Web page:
I have a personal interest in this issue of context. In 1800 an Isaac Farnsworth, probably married to my great-great-great-great grandma was sentenced to transportation by Derby Quarter Sessions for ‘obtaining money etc, at the head of a mob’ (Derby Mercury 9.10.1800). The Justices of the Peace who had committed Farnsworth to the Quarter Sessions under 5 counts of theft (food and/or money) had two weeks earlier placed a notice in the Derby Mercury as follows:
[We] do hereby declare, that (in consequence of a Proclamation dated the 18th September instant, commanding us the said magistrates to suppress all riots and tumults which impede the regular Supplies of the Market, and the free sale of Articles brought to the same) we will use our utmost Endeavours for discovering, seizing, and apprehending all Persons who may be concerned in such dangerous Practices.
These ‘bread riots’ occurred periodically in the 18th century in England but in 1800 the unrest on account of the soaring price of grain during the Napoleonic Wars caused panic across the country. Farnsworth was clearly given a harsh sentence as an example: The Times reported the sentence (13.10.1800) as did Bercow’s Journal in Worcester (although earlier in the summer when panic was high before the harvest, the Assizes at Chesterfield had been imposing death sentences). It has always seemed to me – admittedly with a family connection – to be unfair that volatile political and social pressures surrounding the bread riots had so strong an influence on the sentencing of the individuals involved.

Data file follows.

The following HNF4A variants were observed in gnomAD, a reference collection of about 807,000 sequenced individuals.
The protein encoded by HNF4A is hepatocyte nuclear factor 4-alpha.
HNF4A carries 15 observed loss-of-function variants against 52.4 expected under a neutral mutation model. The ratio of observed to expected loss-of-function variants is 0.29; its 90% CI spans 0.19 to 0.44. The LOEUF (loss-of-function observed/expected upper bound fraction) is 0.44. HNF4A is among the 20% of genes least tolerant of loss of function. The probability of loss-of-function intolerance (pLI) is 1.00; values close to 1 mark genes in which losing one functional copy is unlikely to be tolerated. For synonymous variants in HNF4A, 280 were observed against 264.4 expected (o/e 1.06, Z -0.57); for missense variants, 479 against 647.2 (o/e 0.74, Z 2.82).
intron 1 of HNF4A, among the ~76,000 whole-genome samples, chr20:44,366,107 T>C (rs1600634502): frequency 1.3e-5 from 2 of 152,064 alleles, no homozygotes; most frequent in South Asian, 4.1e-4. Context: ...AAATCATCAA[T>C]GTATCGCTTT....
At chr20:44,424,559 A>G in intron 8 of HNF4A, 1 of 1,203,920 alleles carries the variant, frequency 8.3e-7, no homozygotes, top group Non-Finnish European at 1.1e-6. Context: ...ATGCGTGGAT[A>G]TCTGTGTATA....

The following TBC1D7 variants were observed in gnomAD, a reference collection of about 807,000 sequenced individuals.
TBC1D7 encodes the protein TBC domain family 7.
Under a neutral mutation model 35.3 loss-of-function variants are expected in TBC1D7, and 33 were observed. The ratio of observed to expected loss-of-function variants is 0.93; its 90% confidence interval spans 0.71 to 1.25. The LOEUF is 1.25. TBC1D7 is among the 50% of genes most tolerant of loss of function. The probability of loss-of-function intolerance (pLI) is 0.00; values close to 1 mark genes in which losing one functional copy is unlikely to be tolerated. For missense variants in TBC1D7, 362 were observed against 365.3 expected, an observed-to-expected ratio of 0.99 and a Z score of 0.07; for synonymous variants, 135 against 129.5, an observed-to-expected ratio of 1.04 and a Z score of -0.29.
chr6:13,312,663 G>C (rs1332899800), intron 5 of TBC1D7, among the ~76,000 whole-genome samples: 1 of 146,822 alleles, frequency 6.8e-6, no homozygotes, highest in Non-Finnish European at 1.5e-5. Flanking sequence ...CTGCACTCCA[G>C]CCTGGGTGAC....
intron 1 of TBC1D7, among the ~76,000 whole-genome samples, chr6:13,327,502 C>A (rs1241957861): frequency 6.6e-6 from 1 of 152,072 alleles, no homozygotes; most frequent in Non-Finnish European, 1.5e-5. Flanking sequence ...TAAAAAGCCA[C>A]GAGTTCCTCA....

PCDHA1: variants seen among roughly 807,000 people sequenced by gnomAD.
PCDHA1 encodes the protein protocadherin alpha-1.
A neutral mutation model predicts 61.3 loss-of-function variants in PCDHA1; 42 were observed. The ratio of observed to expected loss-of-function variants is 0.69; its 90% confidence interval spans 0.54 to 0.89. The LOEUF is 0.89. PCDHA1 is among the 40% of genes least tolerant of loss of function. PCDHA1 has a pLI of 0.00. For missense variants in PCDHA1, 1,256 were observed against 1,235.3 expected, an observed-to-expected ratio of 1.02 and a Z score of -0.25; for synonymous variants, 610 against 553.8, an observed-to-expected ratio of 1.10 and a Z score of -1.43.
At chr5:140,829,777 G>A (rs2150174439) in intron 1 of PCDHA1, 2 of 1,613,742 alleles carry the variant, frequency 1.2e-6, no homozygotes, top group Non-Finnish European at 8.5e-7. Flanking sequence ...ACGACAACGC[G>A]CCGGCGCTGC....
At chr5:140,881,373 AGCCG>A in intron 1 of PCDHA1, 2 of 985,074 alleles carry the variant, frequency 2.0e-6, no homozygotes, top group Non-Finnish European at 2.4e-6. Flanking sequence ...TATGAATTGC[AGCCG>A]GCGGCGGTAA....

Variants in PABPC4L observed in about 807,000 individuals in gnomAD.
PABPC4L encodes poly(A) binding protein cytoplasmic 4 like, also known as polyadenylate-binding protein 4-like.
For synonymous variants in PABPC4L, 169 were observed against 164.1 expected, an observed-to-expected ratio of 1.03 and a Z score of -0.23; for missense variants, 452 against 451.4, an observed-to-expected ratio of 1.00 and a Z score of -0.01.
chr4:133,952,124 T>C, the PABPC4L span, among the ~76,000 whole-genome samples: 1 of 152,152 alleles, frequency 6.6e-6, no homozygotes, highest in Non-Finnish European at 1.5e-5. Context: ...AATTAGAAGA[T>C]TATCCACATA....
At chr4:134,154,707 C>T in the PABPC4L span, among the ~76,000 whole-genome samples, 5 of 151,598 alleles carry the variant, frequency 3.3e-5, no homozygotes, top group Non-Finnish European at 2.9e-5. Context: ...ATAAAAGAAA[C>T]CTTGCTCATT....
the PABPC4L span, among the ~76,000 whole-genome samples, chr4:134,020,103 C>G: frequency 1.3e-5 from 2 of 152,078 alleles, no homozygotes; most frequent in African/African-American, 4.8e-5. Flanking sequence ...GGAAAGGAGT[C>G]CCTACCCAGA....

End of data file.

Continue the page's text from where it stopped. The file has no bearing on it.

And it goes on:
So has the sentencing of those involved in the riots which took place in England in August 2011 also been unjustifiably influenced by social and political pressures? Without some careful academic research we may never know but it would be fair to point out that guidance on factors which aggravate seriousness has always endorsed the following as legitimate factors to take into account: planning in advance, acting with others, causing more than normal alarm (by, for example, offending at night), targeting vulnerable victims, gratuitous violence, and causing extensive damage and loss. All of these are relevant to the riot situation. I would argue that there should be no further markup, however.
Finally, it is a matter of concern to all commentators that so many children and young people were involved in offending during the riots. It should also be a matter of concern that fewer have questioned the focus on their punishment: the age of criminal responsibility in England and Wales, despite the best efforts of the UNCRC in its periodic reports, is very low at 10 years old. Nevertheless, the principle in the 1933 Children and Young Persons Act that the courts should “have regard to” the welfare of the child is still good law and should not be disregarded in the aftermath of riots.
Christine Piper is Professor of Law at Brunel University. She is the co-author (with Susan Easton) of Sentencing and Punishment: The Quest for Justice. Susan Easton has previously written this post for OUPblog.